On March 23, 2010, the Federal Reserve published its final rules implementing the CARD Act gift card requirement. Learn more about the new gift card rules in this series of articles about the rules.
The Federal Reserve last week (on March 23, 2010) finally published its one-month overdue final rules implementing the CARD Act gift card requirement. It would be nice to think that the extra time was used to add final polish to the rules.
In fairness, the Federal Reserve was handed a pretty odd piece of legislation to work with, and much of its effort was exerted on trying to make sense of legislative distinctions perhaps owing more to lobbying than public policy concerns. However, the Federal Reserve added a few of its own twists that seem odd, and the rules are not that helpful in crucial areas.
The Card Act is not just a disclosure-based consumer protection law, but contains substantive limitations on expiration dates and frequency of fees. The Federal Reserve was also authorized to limit the amounts of fees, but opted not to address exercise that power, deferring consideration of fee restrictions until it receives proof of abuse, noting that the trend of fee amounts and frequency in the industry is downward. The Federal Reserve effectively left this area to state regulation since state limits on the absolute amount and type of permissible fees (as applied within the constraints of the new rules) would likely be deemed more protective of consumer rights and thus not preempted under the CARD Act.
The rules contain a disclosure regimen that is designed to make information available to consumers before they purchase the card and on or with the card itself. Industry commentators complained during the comments process that the number and type of disclosures required on cards are burdensome and perhaps unworkable at times. Perhaps so, but consider the poor lawyers who have to advise what disclosures will satisfy the rules and still fit on the card. Actually, don’t pity them; this is another lawyer employment stimulus program.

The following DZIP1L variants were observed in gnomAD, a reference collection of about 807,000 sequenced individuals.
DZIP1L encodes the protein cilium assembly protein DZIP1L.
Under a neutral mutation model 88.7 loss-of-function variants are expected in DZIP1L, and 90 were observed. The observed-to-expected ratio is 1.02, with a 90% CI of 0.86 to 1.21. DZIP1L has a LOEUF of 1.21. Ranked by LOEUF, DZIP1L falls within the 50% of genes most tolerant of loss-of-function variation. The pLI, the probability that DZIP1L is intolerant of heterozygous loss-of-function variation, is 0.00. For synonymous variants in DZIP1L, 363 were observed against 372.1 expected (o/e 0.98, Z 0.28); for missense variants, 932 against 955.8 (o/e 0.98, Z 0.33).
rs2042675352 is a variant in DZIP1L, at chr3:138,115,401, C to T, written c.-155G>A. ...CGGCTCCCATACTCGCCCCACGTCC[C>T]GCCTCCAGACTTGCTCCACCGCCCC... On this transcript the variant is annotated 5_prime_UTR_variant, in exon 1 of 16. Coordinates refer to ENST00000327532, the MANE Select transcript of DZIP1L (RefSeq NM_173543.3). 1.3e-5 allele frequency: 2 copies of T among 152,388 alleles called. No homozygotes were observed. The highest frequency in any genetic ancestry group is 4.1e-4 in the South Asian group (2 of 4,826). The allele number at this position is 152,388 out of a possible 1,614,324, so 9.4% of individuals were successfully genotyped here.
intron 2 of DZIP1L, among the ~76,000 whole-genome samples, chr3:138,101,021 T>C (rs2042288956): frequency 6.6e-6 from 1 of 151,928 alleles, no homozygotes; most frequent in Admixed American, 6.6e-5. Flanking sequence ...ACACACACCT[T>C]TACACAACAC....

The general standard that the CARD Act imposed on all disclosures on or with gift cards was that disclosure be “clear and conspicuous”. The guidance from the Federal Reserve for application of that standard is that the disclosure must be “readily understandable” and that the location and type size must be “readily noticeable” to consumers. The Federal Reserve also provided some guidance regarding what disclosure language on the cards will suffice as readily understandable and readily noticeable.
For cards with embossed card expiration dates where the underlying funds do not expire, the comments to the rule suggest that the following language located next to the expiration date on the card will suffice: “Funds expire after card. Call for replacement card”. The toll free number or optional web site where the replacement card may be obtained must also be printed on the card. That is helpful guidance.
However, if the card has dormancy, inactivity or service fees associated with it, the card also must contain a disclosure of the “amount of the dormancy, inactivity, or service fee that may be charged, how often such fee may be assessed and that such fee may be assessed for inactivity.” The comments to the rules provide minimal guidance on this requirement, stating that “$2.50/mo. after 12 mos.” is clear and conspicuous. While that disclosure is nicely compact, it doesn’t really communicate the fact that it means 12 months of inactivity, much less define what inactivity is.
Note that the disclosure requirements described above also do not state whether the nature of the fee must be described. The comments to the rules list monthly maintenance, transaction, ATM, reload, foreign currency transaction, and balance inquiry fees as examples of types of service fees, and along with inactivity or dormancy fees the possible fees are many. What description of the type of fee, if any, is needed to make the disclosure “readily understandable”, particularly if there is more than one such fee on the card? Descriptions such as “foreign currency transaction fees” may be clear to readers here, but to the average consumer? Finally, must it also be disclosed that in fact only one of the one or more possible fees may be assessed in a single month?
The question seems to boil down to this: Does clear and conspicuous disclosure mean full disclosure, or only that whatever is disclosed be readily understandable?
Future installments of this series of articles on the Federal Reserve gift card rules will look at other anomalies or oddities in the CARD Act, or at least in the rules adopted by the Federal Reserve.
Read The Rest of this Series on the New Gift Card Rules
Part I: New Gift Card Rules: Disclosure for Disclosure’s Sake?
Part II: New Gift Card Rules: Did Mobile Payments Receive the Short End?
Part III: New Gift Card Rules: Exclusions, Exclusions
Copyright Broox Peterson 2010. The author is a payments legal specialist with over 25 years in the industry providing legal consulting and transactional support services. www.bwplawyer.com and http://blog.bwplawyer.com